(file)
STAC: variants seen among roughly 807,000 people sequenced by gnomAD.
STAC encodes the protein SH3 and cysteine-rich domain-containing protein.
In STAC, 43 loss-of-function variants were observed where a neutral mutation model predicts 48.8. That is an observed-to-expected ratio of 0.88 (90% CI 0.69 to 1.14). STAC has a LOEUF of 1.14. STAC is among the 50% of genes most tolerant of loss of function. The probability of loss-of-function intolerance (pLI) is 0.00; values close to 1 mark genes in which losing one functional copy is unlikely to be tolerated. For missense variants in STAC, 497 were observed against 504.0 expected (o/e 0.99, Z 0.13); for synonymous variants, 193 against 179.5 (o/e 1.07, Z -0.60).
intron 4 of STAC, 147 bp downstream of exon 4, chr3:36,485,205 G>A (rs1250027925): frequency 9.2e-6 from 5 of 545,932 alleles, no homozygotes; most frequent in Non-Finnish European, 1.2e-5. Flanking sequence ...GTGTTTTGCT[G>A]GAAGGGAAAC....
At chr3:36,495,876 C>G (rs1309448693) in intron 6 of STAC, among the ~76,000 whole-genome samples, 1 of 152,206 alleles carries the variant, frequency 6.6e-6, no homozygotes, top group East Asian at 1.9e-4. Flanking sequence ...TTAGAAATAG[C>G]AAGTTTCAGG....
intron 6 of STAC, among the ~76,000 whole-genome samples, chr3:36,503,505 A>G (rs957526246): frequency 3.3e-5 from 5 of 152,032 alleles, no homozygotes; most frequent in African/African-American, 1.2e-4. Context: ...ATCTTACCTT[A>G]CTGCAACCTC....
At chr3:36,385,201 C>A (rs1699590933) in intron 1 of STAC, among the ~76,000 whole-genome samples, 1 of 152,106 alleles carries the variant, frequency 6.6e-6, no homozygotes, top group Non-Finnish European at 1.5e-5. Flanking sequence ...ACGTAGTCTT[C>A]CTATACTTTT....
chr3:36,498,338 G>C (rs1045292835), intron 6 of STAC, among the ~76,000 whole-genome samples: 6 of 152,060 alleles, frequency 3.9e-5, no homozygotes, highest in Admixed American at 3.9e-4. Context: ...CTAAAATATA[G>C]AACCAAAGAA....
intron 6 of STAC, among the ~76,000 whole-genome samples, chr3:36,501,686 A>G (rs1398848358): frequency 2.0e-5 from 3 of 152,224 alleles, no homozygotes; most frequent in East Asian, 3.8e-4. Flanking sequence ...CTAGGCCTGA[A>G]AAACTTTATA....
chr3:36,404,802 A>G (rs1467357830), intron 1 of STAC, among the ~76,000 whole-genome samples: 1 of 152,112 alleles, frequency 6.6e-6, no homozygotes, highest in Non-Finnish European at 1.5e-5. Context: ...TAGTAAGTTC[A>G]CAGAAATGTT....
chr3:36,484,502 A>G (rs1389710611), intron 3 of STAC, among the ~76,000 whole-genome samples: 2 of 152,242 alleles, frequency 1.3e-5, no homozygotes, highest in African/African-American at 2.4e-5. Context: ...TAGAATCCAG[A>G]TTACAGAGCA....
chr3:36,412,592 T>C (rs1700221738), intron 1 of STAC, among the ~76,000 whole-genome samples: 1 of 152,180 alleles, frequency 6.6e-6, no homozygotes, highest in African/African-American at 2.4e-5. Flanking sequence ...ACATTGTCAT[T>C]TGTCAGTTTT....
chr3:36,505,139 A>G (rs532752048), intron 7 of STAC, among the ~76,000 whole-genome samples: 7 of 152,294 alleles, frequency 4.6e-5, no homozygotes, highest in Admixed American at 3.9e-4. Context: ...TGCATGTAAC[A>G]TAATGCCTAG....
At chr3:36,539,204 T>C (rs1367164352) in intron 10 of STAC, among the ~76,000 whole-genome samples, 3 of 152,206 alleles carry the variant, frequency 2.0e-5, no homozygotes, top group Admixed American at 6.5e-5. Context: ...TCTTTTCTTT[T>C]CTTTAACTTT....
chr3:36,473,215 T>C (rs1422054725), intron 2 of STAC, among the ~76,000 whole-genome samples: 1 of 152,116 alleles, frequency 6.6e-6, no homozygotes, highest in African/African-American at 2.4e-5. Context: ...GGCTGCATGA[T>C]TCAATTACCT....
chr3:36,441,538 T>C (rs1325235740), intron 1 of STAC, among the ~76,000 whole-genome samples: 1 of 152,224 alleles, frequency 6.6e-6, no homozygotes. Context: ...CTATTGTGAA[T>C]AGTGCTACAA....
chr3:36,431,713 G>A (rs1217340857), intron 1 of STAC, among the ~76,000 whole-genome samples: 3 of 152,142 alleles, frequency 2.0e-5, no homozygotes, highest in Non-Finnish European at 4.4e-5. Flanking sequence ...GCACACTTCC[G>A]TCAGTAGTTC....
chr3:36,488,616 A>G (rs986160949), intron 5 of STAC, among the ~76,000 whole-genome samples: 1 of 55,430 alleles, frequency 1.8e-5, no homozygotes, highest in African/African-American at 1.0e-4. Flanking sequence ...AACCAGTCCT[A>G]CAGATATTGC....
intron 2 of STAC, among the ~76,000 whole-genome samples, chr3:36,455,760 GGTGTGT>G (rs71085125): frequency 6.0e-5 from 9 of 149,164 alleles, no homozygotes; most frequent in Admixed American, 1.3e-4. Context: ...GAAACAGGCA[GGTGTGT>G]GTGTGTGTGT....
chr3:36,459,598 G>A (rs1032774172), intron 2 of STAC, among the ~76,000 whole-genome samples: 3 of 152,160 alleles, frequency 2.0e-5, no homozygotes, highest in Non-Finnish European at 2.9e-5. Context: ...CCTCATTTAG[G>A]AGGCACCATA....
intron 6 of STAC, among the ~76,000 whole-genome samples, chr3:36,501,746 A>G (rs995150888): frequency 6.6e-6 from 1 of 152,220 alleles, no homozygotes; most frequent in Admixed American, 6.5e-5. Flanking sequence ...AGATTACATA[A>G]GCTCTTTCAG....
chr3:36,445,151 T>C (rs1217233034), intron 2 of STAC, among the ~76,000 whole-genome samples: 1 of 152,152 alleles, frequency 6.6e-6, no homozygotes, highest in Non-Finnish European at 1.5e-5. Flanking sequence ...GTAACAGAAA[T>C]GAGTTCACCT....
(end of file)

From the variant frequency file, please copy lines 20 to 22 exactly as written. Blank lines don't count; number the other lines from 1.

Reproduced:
chr3:36,459,598 G>A (rs1032774172), intron 2 of STAC, among the ~76,000 whole-genome samples: 3 of 152,160 alleles, frequency 2.0e-5, no homozygotes, highest in Non-Finnish European at 2.9e-5. Context: ...CCTCATTTAG[G>A]AGGCACCATA....
intron 6 of STAC, among the ~76,000 whole-genome samples, chr3:36,501,746 A>G (rs995150888): frequency 6.6e-6 from 1 of 152,220 alleles, no homozygotes; most frequent in Admixed American, 6.5e-5. Flanking sequence ...AGATTACATA[A>G]GCTCTTTCAG....
chr3:36,445,151 T>C (rs1217233034), intron 2 of STAC, among the ~76,000 whole-genome samples: 1 of 152,152 alleles, frequency 6.6e-6, no homozygotes, highest in Non-Finnish European at 1.5e-5. Flanking sequence ...GTAACAGAAA[T>C]GAGTTCACCT....